Flowers - Canadian or Showy Tick-trefoil
( Originally Published 1916 )
(Meibomia Canadensis) Pea family (Desmodium Canadense of Gray)
Flowers—Pinkish or bluish purple, butterfly-shaped, about 1/2-in. long, borne in dense, terminal, elongated racemes. Stem; Erect, hairy, leafy, 2 to 8 ft. high. Leaves: Compounded of 3 oblong leaflets, the central one largest; upper leaves nearly seated on stem; bracts, conspicuous before flowering, early falling off. Fruit: A flat pod, about 1 in. long, jointed, and covered with minute hooked bristles, the lower edge of pod scalloped; almost seated in calyx.
Preferred Habitat—Thickets, woods, river banks, bogs. Flowering Season—July—September.
Distribution—New Brunswick to Northwest Territory, south to North Carolina, westward to Indian Territory and Dakota.
As one travels hundreds or even thousands of miles in a comfortable railway carriage and sees the same flowers growing throughout the length and breadth of the area, one cannot but wonder how ever the plants manage to make the journey. We know some creep along the ground, or under it, a tortoise pace, but a winning one; that some send their offspring flying away from home, like dandelions and thistles; and many others with wings and darts are blown by the wind. Berries have their seeds dropped afar by birds. Aquatic plants and those that grow beside running water travel by river and flood. European species reach our shores among the ballast. Darwin raised over sixty wild plants from seed carried in a pellet of mud taken from the leg of a partridge. So on and so on. The imagination delights to picture these floral vagabonds, each with its own clever method of getting a fresh start in the world. But by none of these methods just mentioned do the tick-trefoils spread abroad. Theirs is indeed a by hook or by crook system. The scalloped, jointed pod, where the seeds lie concealed, has minute crooked bristles, which catch in the clothing of man or beast, so that every herd of sheep, every dog, every man, woman, or child who passes through a patch of trefoils gives them a lift. After a walk through the woods and lanes of late summer and autumn, one's clothes reveal scores of tramps that have stolen a ride in the hope of being picked off and dropped amid better conditions in which to rear a family.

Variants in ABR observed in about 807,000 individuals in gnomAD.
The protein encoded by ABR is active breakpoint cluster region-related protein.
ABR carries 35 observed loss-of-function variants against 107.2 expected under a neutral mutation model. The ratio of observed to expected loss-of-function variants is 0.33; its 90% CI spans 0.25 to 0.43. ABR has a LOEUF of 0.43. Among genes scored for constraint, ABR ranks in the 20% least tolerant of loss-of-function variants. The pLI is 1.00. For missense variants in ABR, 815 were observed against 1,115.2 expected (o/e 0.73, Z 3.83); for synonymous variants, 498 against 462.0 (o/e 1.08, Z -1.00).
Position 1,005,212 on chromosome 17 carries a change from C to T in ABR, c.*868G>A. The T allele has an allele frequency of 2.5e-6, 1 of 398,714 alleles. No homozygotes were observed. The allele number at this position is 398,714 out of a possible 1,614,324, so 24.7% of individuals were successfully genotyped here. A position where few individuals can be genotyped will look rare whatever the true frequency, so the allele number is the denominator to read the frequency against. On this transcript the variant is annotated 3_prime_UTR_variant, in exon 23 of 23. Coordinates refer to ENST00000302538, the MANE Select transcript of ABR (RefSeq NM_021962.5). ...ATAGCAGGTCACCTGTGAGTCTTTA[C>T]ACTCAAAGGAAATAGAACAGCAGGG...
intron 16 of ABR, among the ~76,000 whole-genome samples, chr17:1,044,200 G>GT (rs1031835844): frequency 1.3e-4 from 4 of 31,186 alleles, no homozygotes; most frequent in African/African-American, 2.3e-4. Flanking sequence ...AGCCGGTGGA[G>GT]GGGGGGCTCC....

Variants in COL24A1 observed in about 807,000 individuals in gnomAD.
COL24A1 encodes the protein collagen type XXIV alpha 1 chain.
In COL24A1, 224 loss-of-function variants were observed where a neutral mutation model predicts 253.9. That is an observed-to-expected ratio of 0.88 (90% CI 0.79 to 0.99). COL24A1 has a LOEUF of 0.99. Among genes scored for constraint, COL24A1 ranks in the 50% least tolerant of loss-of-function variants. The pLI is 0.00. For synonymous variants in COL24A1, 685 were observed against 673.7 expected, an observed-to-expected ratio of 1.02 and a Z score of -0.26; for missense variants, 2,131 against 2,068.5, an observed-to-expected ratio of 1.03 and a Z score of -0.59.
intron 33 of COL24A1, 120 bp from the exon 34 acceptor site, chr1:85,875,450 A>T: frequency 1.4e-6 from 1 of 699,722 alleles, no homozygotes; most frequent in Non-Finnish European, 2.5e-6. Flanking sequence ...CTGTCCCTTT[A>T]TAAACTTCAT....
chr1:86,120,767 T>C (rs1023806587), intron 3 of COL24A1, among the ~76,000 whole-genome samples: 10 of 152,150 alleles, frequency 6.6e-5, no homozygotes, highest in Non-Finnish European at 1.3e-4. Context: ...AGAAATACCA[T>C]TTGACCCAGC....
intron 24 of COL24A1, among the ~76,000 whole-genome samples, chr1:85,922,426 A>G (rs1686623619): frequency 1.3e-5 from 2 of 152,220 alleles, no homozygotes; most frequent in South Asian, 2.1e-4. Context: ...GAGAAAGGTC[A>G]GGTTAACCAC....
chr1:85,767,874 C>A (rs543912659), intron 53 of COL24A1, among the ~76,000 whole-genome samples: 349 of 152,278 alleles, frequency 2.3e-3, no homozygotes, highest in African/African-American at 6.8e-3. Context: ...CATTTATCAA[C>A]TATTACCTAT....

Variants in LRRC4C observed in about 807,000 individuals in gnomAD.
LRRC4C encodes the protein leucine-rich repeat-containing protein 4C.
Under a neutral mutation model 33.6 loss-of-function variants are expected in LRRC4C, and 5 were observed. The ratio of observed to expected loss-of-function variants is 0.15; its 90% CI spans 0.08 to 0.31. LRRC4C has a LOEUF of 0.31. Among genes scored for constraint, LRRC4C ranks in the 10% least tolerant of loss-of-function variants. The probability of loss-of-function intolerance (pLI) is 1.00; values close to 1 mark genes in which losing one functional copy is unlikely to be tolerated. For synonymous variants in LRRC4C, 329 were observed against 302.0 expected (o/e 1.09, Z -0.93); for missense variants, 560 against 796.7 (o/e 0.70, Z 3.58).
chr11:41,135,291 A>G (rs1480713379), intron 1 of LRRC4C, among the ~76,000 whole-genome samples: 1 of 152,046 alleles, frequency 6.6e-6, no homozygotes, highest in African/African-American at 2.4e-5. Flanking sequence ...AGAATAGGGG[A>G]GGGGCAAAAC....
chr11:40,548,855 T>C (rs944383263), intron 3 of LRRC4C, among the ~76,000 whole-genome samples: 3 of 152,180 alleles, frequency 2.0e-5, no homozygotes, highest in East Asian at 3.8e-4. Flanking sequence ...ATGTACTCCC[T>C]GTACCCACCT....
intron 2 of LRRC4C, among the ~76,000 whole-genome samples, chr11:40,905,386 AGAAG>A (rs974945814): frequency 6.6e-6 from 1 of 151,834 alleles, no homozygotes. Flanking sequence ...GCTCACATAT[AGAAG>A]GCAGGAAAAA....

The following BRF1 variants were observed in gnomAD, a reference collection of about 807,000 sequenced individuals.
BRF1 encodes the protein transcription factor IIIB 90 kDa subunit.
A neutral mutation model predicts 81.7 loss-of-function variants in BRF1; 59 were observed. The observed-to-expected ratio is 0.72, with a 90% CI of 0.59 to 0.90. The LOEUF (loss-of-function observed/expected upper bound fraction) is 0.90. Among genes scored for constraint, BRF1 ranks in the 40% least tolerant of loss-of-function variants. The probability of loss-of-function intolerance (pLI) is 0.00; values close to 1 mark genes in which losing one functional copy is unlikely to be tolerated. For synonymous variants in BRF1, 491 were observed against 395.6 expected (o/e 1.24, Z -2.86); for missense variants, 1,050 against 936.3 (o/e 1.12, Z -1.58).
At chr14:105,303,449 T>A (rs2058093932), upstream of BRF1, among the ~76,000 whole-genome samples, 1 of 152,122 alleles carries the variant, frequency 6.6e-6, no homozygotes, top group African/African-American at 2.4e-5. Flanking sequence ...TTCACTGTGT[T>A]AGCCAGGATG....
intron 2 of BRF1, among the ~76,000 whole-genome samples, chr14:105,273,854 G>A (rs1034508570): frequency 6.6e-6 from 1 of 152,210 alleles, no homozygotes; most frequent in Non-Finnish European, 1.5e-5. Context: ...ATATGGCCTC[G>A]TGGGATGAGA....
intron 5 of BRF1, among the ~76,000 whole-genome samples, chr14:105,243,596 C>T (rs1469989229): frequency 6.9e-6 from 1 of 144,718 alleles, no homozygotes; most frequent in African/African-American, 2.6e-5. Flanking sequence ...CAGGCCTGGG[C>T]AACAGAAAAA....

Only the largest bees can easily " explode" the showy tick-trefoil. A bumblebee alights upon a flower, thrusts his head under the base of the standard petal, and forces apart the wing petals with his legs, in order to dislodge them from the standard. This motion causes the keel, also connected with the standard, to snap down violently, thus releasing the column within and sending upward an explosion of pollen on the under surface of the bee. Here we see the wing petals acting as triggers to discharge the flower. Depress them and up flies the fertilizing dust—once. The little gun will not "go off" twice. No nectar rewards the visitor, which usually is a pollen-collecting bee. The highly intelligent and important humblebee has the advantage over his smaller kin in being able to discharge the pollen from both large and smaller flowers.
The Naked-flowered Tick-trefoil (M. nudiflore or D. nudiforum of Gray) lifts narrow, few-flowered panicles of rose-purple blooms during July and August. The flowers are much smaller than those of the showy trefoil; however, when seen in masses, they form conspicuous patches of color in dry woods. Note that there is a flower stalk which is usually leafless and also a leaf-bearing stem rising from the base of the plant, the latter with its leaves all crowded at the top, if you would distinguish this very common species from its multitudinous kin. The trefoliate leaves are pale beneath. The two or three jointed pod rises far above the calyx on its own stalk, as in the next species.
The Pointed-leaved Tick-trefoil (M. grandiflora, or D. acuminatum of Gray) has for its distinguishing feature a cluster of leaves high up on the same stem from which rises a stalk bearing a quantity of purple flowers that are large by comparison only. The leaves have leaflets from two to six inches long, rounded on the sides, but acutely pointed, and with scattered hairs above and below. This trefoil is found blooming in dry or rocky woods, throughout a wide range, from June to September.
Lying outstretched for two to six feet on the dry ground of open woods and copses east of the Mississippi, the Prostrate Tick-trefoil (M. Michauxii or D. rotundifolium of Gray) can certainly be named by its soft hairiness, the almost perfect roundness of its trefoliate leaves, its rather loose racemes of deep purple flowers that spring both from the leaf axils and from the ends of the sometimes branching stem; and by its three to five jointed pod, which is deeply scalloped on its lower edge and somewhat in-dented above, as well.